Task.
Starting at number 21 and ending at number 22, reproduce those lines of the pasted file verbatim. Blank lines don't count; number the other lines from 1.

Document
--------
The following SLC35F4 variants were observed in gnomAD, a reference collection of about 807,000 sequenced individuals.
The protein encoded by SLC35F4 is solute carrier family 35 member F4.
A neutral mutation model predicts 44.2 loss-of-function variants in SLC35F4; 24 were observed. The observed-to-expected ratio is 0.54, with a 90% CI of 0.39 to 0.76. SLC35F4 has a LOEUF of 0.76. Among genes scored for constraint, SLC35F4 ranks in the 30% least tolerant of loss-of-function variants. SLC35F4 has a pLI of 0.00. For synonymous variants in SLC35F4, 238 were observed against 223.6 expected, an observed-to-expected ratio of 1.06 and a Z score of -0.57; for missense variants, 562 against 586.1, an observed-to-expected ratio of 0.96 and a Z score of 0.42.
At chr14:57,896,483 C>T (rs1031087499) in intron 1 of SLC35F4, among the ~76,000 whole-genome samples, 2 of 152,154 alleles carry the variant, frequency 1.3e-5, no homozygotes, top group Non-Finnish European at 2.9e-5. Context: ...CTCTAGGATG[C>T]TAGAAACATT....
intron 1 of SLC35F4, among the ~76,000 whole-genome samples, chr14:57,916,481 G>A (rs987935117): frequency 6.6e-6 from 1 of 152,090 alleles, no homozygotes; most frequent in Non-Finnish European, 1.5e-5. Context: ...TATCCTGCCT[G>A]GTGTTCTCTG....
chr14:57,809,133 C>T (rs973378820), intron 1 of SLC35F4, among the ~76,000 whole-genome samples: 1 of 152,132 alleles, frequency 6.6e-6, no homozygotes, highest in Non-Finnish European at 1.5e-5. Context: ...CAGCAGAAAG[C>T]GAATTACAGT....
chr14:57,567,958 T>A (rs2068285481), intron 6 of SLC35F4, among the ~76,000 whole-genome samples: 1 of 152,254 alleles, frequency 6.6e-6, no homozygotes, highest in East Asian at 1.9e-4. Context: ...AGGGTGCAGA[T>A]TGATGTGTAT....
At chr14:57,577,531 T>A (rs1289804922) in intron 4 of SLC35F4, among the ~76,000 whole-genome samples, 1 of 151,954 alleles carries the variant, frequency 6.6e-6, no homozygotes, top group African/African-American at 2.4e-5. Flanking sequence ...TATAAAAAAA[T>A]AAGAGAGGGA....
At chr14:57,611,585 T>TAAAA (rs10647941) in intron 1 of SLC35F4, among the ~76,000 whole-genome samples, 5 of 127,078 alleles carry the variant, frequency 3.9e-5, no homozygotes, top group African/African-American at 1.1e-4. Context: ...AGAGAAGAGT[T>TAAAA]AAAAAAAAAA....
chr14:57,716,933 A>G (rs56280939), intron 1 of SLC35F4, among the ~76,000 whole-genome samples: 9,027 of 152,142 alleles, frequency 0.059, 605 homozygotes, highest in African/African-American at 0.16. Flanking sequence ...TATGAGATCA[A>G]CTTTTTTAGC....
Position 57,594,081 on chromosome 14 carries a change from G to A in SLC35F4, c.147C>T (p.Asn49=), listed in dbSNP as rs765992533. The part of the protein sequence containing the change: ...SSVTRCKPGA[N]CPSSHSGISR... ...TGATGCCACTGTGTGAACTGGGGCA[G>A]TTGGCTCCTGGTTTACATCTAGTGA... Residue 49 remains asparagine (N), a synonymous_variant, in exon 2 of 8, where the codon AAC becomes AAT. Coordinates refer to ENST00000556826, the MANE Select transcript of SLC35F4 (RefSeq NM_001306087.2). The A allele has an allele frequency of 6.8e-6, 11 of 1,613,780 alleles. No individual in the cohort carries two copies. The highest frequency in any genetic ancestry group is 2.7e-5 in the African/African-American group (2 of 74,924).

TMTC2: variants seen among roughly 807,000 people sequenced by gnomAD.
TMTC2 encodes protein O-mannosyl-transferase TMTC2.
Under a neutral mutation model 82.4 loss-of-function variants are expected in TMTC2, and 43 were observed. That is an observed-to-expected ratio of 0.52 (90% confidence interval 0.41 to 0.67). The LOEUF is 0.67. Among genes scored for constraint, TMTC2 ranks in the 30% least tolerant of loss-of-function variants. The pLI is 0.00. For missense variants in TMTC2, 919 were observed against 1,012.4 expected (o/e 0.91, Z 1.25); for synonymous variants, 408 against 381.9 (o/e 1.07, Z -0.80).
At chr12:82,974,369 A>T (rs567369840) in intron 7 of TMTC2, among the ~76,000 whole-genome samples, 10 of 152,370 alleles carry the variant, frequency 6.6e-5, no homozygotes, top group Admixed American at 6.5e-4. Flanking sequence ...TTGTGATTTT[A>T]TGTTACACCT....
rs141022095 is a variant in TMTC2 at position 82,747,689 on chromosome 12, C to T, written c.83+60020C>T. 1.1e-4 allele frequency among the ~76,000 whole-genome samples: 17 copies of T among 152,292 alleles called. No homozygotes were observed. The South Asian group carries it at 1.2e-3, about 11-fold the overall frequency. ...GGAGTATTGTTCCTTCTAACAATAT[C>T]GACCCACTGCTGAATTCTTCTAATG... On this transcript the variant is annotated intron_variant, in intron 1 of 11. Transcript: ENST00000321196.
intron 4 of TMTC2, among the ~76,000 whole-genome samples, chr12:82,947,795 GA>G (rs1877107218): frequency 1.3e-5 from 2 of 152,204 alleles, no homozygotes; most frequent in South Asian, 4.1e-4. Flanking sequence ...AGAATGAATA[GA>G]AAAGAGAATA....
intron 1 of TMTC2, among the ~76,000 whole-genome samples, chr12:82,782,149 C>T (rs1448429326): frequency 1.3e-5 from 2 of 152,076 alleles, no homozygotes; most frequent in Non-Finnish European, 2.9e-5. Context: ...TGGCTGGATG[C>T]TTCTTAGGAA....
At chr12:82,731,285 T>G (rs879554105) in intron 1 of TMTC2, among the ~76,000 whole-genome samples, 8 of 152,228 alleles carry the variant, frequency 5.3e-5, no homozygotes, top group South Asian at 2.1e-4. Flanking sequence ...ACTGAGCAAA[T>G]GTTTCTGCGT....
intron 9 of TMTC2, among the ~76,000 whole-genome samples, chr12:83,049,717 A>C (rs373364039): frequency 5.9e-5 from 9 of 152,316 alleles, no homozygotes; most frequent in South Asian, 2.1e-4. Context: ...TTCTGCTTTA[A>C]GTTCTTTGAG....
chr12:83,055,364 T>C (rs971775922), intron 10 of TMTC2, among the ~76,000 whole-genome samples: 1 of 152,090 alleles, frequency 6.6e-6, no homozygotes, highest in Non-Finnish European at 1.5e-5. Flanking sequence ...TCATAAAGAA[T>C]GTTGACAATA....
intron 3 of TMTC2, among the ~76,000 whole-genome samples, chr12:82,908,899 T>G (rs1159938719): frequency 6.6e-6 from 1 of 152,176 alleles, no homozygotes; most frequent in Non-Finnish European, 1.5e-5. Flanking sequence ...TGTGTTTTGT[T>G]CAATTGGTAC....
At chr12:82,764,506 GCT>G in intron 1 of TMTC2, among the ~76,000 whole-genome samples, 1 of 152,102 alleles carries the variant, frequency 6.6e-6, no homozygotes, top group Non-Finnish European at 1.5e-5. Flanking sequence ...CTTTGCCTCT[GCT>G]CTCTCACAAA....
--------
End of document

chr12:83,055,364 T>C (rs971775922), intron 10 of TMTC2, among the ~76,000 whole-genome samples: 1 of 152,090 alleles, frequency 6.6e-6, no homozygotes, highest in Non-Finnish European at 1.5e-5. Flanking sequence ...TCATAAAGAA[T>C]GTTGACAATA....
intron 3 of TMTC2, among the ~76,000 whole-genome samples, chr12:82,908,899 T>G (rs1159938719): frequency 6.6e-6 from 1 of 152,176 alleles, no homozygotes; most frequent in Non-Finnish European, 1.5e-5. Flanking sequence ...TGTGTTTTGT[T>G]CAATTGGTAC....